Via the WSJ:
The outlines of plans to determine the fate of Lehman Brothers Holdings Inc. emerged today even as it became increasingly clear that a clean sale of the entire firm to a big bank would be too difficult to execute.
A sense of optimism that a rescue could be arranged today dimmed as a growing sense of gloom descended on Wall Street. Executives from top banks in the U.S. and Europe huddled with federal regulators in an attempt to come up with plans to either buy pieces of Lehman or prepare for an orderly winding down of the firm in a manner that would minimize the collateral damage for the ailing global financial system.
The two main players seem to be Barclay’s and Bank America:
Under one plan, either Barclays PLC or Bank of America Corp. would buy Lehman’s “good assets”, such as its equities business, people familiar with the matter say. Lehman’s more toxic, real-estate assets would be ring-fenced into a “bad” bank that would contain about $85 billion in souring assets. Other Wall Street firms would try to inject some capital into the bad bank to keep it afloat for a period of time so that a flood of bad assets don’t deluge the market, damaging the value of similar assets held by other banks and insurers. The banks are also looking for the government to somehow financially backstop the bad bank.
The problem, though, is getting enough banks to back that plan. While teams of bankers are working through structures, it’s clear that only a handful of banks are in a position to provide enough funding. Many banks are inclined to preserve capital ahead of third-quarter and year-end cash preservation moves. Also, banks aren’t keen to see a big rival such as Barclays or Bank of America walk away with valuable assets by only paying a pittance.
Obviously, there is no way that one or two banks get the good stuff and everybody else gets stuck with the dreck. If BAC of BCS want the good parts, they’ll have to take at least some of the bad. The idea of other Wall Street firms or banks injecting capital to maintain the bad assets seems optimistic to say the least. Most banks and brokers have their own capital problems.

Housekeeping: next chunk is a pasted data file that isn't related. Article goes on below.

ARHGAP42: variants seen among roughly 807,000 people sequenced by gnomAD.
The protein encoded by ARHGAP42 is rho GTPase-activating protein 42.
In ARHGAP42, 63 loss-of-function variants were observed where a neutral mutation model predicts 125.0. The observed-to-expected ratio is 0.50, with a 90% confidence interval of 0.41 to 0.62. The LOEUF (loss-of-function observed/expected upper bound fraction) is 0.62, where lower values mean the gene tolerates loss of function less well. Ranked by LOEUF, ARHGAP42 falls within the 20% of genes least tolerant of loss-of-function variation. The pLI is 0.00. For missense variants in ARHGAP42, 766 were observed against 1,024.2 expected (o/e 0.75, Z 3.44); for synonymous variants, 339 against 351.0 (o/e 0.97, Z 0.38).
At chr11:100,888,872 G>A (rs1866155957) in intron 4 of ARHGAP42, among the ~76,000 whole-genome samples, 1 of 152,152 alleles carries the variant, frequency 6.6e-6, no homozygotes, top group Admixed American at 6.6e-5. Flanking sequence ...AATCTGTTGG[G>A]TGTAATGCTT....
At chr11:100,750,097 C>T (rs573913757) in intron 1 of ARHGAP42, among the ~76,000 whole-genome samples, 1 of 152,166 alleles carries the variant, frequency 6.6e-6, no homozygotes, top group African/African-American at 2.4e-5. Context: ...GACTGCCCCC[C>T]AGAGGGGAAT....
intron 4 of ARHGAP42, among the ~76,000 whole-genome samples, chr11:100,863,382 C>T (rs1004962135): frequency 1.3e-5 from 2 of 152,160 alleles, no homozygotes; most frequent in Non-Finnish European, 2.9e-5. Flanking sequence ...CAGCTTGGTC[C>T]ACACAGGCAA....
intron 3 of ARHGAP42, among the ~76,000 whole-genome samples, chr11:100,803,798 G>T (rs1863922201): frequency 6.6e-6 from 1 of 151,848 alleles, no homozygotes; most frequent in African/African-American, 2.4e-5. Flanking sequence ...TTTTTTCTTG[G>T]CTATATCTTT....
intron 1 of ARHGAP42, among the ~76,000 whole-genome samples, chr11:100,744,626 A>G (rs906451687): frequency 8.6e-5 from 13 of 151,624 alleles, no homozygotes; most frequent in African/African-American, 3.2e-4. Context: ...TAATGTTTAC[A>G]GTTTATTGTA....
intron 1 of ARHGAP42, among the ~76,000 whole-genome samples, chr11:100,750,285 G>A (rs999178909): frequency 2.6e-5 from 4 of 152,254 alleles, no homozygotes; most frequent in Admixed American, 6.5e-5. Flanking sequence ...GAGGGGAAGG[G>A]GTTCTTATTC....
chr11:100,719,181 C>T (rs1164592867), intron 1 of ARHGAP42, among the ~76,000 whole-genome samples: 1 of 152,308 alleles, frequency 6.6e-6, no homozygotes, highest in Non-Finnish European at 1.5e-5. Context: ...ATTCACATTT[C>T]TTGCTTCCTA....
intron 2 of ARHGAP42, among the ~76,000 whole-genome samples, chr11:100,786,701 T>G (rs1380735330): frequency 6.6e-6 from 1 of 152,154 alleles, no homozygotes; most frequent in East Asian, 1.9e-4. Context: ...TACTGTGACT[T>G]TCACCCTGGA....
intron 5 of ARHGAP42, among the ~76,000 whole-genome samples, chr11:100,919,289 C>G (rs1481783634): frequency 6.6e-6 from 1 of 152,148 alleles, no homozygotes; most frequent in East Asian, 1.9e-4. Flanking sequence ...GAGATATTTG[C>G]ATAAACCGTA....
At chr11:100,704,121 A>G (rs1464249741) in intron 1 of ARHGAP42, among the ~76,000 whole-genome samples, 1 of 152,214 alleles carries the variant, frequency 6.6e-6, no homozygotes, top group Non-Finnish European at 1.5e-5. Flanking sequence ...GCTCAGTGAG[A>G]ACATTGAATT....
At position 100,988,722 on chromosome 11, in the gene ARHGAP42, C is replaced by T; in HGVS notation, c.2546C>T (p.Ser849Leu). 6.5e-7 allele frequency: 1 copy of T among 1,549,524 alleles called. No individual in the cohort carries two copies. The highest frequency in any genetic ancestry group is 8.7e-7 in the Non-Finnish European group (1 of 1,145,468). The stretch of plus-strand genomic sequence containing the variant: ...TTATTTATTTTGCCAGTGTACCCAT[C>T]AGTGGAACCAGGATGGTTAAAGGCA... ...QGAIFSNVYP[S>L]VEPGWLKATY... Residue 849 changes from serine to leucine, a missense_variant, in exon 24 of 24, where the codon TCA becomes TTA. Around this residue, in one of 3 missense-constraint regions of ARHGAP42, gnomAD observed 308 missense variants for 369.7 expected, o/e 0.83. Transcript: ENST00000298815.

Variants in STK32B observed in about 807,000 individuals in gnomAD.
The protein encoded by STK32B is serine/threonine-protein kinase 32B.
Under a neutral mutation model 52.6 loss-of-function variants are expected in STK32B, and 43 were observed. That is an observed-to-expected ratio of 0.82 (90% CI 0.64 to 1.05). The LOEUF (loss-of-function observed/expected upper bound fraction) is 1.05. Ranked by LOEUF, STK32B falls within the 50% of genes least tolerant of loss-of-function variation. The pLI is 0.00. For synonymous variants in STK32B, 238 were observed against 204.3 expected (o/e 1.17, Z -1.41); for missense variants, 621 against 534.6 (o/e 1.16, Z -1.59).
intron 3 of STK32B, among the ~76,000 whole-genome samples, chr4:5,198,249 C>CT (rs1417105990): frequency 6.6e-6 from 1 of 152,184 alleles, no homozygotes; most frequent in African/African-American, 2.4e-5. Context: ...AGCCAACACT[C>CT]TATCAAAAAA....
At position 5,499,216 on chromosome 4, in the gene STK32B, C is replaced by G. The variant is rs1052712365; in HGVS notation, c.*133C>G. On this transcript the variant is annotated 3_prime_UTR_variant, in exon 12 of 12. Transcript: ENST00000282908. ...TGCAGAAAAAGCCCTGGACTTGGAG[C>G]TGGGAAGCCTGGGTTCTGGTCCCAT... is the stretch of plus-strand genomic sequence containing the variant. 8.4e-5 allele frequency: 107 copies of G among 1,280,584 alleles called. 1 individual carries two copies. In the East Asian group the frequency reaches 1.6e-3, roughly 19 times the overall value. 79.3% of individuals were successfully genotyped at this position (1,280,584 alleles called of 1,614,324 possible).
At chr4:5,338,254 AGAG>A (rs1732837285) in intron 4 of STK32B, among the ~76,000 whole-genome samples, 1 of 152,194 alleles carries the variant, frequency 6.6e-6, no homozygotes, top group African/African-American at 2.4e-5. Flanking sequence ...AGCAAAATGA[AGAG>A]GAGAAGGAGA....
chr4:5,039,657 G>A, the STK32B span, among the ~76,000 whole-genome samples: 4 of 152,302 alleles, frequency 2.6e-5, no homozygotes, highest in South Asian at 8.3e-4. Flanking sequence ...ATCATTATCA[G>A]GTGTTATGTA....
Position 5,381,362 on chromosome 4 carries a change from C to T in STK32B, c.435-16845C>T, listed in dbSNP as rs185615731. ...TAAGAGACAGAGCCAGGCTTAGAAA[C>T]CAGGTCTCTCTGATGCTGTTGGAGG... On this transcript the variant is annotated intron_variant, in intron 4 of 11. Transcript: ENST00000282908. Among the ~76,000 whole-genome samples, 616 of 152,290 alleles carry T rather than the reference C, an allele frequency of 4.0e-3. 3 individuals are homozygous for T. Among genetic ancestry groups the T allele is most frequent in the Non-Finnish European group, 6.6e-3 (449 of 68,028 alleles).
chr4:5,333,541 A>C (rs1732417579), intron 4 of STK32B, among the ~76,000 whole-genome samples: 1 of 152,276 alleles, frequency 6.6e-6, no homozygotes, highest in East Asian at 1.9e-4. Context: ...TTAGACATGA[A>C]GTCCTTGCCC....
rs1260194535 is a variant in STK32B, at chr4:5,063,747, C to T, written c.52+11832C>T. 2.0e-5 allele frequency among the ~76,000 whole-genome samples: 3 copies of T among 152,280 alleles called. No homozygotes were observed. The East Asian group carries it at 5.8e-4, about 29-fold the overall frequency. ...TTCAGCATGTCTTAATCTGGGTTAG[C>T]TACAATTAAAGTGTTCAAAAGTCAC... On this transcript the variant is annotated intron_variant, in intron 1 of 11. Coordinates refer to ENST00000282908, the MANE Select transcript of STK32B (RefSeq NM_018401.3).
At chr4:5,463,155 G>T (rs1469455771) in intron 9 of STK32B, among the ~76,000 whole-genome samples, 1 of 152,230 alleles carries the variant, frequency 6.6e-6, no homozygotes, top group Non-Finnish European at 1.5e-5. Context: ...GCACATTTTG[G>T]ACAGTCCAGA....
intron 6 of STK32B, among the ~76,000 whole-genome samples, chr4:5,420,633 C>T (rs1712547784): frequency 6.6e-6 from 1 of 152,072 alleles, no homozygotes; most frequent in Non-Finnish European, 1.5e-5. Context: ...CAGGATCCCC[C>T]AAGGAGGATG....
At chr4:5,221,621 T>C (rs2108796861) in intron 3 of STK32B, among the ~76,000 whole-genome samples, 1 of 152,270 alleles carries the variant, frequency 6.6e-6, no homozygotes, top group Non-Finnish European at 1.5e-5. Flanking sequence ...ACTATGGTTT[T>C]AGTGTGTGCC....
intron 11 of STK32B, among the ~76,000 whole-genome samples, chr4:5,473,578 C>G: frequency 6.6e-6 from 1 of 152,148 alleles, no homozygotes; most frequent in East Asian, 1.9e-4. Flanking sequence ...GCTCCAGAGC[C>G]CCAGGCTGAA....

Some are predicting doom for Monday if a deal doesn’t get done:
The real fear in the discussions, this person added, was that the fire-sale prices, or “marks” of Lehman’s real estate book could set off a cascade of problems for other Wall Street firms. If those marks were made against other banks’ portfolios, it could eventually force those firms to raise more capital, too. For firms’ considering funding the bad bank, the calculation has thus become the price of that contribution against the price of a widescale markdown.
There could be further effects to such an event, with the banks calling in loans from hedge funds and other clients, in turn setting off more forced selling that further depresses asset and securities prices.
“Unless something is settled, it’s going to be a bloodbath Monday,” said this person.
If that is so, why didn’t the market tank on Friday? Is there something here that wasn’t known already? I don’t think it was a mystery to anyone that Lehman was in trouble Friday. The only way it would make a difference Monday is if Lehman has to file bankruptcy. That may be their only course:
Lehman has hired law firm Weil, Gotshal & Manges LLP to prepare a potential bankruptcy filing, according to a person familiar with the situation. The New York-based Weil has a leading bankruptcy practice and advised Drexel Burnham Lambert on its 1990 bankruptcy filing.
Monday could be very interesting. I’ll keep updating….